Arable land is Ethiopia's key natural resource, although approximately only 35% is currently farmed. Grain production specifically accounts for almost 80 percent of cultivated land and employs 60 percent of the rural working population. Agriculture drives the Ethiopian economy and nearly all grain is produced on farms smaller than one hectare.
The global demand for teff from both diaspora Ethiopian/Eritrean communities and beyond is rising. However, small Ethiopian farms struggle to benefit economically from the rapidly increasing global demand for teff. They also struggle to improve agricultural efficiency that could increase yields, allowing them to reach and capitalize on the global market.
The fragmented teff trade system is part of the reason rural farmers fail to properly benefit from increased global demand for teff. According to the Agricultural Transformation Agency (ATA), the current Ethiopian agricultural market is characterized by a large gap in the marketing chain between producers and consumers "coupled with limited market infrastructure and services for farmers."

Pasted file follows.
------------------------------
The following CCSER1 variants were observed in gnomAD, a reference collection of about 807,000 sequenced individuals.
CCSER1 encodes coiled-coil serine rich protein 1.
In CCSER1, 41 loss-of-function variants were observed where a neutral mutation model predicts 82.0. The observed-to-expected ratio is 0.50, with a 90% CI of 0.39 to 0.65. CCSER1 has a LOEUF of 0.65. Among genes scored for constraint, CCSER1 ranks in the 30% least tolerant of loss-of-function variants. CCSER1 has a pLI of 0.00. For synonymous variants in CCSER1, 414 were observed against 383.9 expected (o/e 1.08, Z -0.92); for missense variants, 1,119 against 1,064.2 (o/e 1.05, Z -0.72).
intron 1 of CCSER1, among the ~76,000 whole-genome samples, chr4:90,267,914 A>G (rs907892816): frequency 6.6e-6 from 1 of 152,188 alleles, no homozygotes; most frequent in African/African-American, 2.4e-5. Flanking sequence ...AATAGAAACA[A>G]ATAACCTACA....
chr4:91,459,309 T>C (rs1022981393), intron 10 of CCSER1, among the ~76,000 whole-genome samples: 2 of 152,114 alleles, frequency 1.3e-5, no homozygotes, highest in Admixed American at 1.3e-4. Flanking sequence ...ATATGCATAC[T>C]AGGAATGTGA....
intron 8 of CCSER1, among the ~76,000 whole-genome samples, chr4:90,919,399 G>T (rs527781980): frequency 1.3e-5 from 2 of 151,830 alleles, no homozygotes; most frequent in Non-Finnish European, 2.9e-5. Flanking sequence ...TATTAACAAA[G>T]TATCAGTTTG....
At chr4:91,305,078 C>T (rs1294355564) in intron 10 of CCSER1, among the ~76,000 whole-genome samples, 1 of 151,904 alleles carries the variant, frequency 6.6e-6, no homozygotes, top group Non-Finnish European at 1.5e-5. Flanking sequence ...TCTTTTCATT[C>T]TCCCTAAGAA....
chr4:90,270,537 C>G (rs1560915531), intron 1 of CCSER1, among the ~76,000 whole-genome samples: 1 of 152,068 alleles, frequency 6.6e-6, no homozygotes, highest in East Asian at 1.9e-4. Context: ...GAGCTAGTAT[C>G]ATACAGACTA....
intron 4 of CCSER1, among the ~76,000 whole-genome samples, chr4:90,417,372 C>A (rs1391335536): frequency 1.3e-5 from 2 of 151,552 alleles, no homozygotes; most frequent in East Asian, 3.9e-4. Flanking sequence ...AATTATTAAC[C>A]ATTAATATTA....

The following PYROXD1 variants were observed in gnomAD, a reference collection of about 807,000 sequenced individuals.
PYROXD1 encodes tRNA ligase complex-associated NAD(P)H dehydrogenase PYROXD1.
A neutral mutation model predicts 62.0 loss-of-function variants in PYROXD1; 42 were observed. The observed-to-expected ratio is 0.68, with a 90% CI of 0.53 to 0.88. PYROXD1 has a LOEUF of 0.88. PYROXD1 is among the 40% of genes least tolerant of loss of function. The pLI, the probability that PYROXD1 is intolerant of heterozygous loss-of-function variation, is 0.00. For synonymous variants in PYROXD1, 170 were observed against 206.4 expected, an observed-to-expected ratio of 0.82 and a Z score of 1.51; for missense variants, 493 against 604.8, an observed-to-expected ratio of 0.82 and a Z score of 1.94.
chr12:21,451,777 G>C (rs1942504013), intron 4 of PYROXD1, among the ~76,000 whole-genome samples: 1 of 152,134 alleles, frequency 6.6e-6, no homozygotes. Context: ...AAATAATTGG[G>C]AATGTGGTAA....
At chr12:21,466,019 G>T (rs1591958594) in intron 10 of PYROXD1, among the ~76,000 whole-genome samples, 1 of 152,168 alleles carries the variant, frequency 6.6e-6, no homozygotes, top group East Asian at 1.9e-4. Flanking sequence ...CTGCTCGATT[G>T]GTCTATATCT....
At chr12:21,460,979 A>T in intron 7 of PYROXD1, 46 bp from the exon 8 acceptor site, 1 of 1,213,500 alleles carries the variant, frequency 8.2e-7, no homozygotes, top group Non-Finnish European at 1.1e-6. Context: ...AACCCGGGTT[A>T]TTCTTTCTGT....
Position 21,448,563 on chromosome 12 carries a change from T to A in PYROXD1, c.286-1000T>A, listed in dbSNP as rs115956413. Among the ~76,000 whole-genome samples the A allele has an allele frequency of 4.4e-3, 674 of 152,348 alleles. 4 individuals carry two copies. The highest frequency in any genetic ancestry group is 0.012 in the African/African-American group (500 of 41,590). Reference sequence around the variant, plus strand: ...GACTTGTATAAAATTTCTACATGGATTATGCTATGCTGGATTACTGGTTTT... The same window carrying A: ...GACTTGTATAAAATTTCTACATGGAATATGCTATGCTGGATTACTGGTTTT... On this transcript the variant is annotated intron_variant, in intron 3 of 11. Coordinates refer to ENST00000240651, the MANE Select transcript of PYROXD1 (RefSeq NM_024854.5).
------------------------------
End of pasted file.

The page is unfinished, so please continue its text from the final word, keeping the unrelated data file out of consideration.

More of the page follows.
The teff value chain in Ethiopia involves a network of farmers, rural wholesalers, urban teff brokers, and retailers. From farm to the point of competition, teff growers accrue many costs such as loading, transportation, storage, and fees for brokers and sellers in Addis Ababa.
"Gebeya" Teff market in Debre Sina, Ethiopia. Prices range from 28-32 ETB (Ethiopian Birr) per kg